Taking Action Against Racism

 

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Taking Action Against Racism
Higher Education Group

Taking Action

 

P6240125

Media Links and Discussion

Each of the following topics includes a link to a piece of media and discussion questions that can be used in discussion.

The Power of One
Examples of people taking action against racist behaviors

http://www.youtube.com/watch?v=WlT8I04JYIk

Audience: High School Seniors/College Students/Adults

Content: The Freedom Center National Underground Railroad produced these PSAs depicting people speaking up to racism. This is a series of 1 min. public service announcements that demonstrate taking action against racism and bigotry.  Excellent, clear examples of how simple it can be to disrupt oppressive actions, intentional or unintentional.

Discussion questions:

  1. Can you imagine making a comment like the one made in this video? Why or why not?
  2. Have you ever done so?  What happened?
  3. Have you ever thought of doing so, but stopped yourself?
  4. If you are a minority group member, what has been your response to silence when a comment could have been made? 

 

Michael Moore taking action against NYPD Racism & Police Brutality

http://www.youtube.com/watch?v=LfFfUxBDMDY

Suggested Audience: Middle School/High School/College Students/Adults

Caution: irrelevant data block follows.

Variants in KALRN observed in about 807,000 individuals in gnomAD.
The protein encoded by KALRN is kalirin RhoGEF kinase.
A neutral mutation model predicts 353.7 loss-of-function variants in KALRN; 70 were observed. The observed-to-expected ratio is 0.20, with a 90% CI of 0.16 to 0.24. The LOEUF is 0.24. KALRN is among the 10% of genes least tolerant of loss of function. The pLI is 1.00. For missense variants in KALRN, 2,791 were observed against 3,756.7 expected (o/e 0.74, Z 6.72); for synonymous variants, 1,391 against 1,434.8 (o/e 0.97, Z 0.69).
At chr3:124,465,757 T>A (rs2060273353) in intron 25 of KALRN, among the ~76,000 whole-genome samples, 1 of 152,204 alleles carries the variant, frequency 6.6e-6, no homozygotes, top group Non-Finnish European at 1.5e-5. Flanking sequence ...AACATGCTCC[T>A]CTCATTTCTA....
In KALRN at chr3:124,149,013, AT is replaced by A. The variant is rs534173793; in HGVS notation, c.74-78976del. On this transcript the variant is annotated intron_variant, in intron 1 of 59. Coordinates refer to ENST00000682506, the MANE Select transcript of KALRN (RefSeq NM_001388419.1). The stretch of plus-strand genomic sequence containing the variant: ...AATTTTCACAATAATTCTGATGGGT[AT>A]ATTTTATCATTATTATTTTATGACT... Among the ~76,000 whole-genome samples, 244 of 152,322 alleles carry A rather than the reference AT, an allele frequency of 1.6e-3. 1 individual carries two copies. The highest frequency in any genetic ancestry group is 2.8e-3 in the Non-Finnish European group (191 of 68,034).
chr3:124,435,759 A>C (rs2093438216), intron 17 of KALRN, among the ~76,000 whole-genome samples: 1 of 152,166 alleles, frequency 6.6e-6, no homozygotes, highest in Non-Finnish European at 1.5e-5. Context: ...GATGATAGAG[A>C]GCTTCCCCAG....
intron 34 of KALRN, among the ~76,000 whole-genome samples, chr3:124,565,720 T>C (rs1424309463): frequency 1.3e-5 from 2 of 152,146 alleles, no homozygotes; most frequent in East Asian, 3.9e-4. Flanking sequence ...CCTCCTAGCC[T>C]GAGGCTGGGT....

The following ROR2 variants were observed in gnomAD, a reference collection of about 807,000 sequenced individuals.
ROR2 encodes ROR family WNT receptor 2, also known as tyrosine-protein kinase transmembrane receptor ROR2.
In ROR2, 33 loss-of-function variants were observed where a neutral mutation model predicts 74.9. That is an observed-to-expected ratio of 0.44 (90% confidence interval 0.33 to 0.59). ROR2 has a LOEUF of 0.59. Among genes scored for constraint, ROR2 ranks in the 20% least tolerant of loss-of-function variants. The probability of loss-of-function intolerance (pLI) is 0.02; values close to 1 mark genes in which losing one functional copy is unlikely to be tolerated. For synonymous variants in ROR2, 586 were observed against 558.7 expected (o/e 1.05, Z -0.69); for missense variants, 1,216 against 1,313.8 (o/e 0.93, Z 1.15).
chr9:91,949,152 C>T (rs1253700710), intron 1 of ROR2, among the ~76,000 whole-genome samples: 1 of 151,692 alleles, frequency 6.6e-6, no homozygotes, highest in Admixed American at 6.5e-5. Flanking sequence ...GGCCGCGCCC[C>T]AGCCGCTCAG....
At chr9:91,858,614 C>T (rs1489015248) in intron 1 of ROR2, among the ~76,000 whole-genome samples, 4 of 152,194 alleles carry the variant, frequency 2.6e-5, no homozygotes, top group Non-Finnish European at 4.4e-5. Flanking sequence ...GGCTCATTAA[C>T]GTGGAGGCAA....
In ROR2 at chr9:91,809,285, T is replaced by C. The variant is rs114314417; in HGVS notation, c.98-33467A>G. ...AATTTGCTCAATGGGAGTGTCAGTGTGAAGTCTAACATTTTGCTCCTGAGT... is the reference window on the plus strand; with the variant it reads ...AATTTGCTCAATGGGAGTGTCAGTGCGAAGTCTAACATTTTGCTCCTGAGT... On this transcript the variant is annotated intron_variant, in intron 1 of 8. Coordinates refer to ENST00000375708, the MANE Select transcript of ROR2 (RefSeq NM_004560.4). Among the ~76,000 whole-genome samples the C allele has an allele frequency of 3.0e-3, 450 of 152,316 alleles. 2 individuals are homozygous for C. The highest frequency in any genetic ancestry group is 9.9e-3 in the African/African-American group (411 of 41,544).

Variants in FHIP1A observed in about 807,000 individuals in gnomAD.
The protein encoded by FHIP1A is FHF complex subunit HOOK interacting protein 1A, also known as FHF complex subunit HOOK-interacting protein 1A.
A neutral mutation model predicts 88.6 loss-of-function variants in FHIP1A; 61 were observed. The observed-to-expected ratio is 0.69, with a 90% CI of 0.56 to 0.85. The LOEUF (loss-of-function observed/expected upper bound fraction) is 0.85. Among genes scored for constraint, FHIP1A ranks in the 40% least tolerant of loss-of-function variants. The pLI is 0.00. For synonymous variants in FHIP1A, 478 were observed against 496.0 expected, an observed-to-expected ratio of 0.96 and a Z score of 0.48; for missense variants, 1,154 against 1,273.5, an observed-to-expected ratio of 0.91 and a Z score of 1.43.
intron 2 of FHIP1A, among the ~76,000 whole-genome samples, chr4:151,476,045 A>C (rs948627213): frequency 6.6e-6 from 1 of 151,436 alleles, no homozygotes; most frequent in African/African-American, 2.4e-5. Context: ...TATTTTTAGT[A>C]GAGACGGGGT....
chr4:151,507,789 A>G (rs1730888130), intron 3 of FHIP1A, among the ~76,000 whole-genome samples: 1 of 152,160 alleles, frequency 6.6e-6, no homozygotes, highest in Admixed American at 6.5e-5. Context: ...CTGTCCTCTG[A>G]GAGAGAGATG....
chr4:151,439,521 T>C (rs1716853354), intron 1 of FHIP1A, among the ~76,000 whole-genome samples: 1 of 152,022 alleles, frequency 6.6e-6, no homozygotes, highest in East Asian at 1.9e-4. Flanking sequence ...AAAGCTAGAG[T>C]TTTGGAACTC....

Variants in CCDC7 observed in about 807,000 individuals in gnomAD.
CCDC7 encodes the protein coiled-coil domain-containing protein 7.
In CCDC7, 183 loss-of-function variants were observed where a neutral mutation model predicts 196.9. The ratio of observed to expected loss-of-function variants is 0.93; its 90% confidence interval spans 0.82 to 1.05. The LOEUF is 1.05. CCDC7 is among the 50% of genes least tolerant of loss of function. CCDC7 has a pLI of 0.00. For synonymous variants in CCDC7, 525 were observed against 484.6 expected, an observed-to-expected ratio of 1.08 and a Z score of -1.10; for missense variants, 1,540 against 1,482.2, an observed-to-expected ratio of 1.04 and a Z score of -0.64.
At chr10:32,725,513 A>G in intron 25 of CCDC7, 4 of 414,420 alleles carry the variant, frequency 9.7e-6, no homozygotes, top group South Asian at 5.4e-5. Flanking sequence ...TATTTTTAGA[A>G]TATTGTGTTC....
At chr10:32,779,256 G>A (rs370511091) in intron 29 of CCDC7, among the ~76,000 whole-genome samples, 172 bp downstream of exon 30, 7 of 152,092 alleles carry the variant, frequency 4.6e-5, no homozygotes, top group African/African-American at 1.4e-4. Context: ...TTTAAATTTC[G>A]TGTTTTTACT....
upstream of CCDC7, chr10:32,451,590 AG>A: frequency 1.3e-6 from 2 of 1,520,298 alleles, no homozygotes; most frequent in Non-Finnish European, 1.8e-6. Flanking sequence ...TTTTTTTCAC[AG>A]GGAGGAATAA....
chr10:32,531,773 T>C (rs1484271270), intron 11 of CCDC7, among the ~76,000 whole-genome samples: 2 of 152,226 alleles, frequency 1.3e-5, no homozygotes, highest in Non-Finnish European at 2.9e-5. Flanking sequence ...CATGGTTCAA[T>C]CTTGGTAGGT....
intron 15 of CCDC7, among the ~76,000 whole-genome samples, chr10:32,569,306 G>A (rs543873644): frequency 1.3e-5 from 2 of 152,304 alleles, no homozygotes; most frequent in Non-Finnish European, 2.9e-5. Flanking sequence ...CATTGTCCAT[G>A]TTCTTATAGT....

Content: Video clip (7:13) of Michael Moore staging public actions to highlight examples of police racism.

Discussion Questions:

  1. Have you ever had similar things/maltreatment happen to you or someone you know?
  2. How does that make you feel?
  3. How do you feel about law enforcement in your area?
  4. What are ways you can share you experience and help educate law enforcement in your area?

 

Readings from “Arthur’s World Neighborhood”

http://pbskids.org/arthur/parentsteachers/lesson/world/

Suggested Audience: K-5, Specifically, grades 2 & 3.

Content: Resource pages that explore the concept of similarities and differences and examine community diversity. Activities, resources, and tips to help kids explore cultural diversity and consolidate the notion of differences/diversity within their own community and around the world.

 

Unlearning Prejudice

http://ffh.films.com/PreviewClip.aspx?id=15517

Suggested Audience: Middle School through Adults

Content: Video clip (2:07) that emphasizes taking action to unlearn prejudice.  No specific activities described. From the website:“Because prejudice, or the judgment of other groups, will always exist, one can hope that people make efforts to unlearn prejudicial behaviors.”

 

Racism and Hatred

http://ffh.films.com/PreviewClip.aspx?id=13217

Suggested Audience: Middle School and up

Content: Video clip (6:00) describes one former White supremacist’s path to antiracism. From the website: “an ex-member of a white supremacist group now speaks out against racism and violence along with a gay friend who was once one of his victims. They work together at the Museum of Tolerance to fight discrimination.”

 

Building a Multi-ethnic Inclusive Antiracist Organization: Tools for Liberation packet

http://www.colorado.edu/cu-diversity/committees/Safehouse_Pres_CACMA06.pdf

Suggested Audience: High School and up; organizations and businesses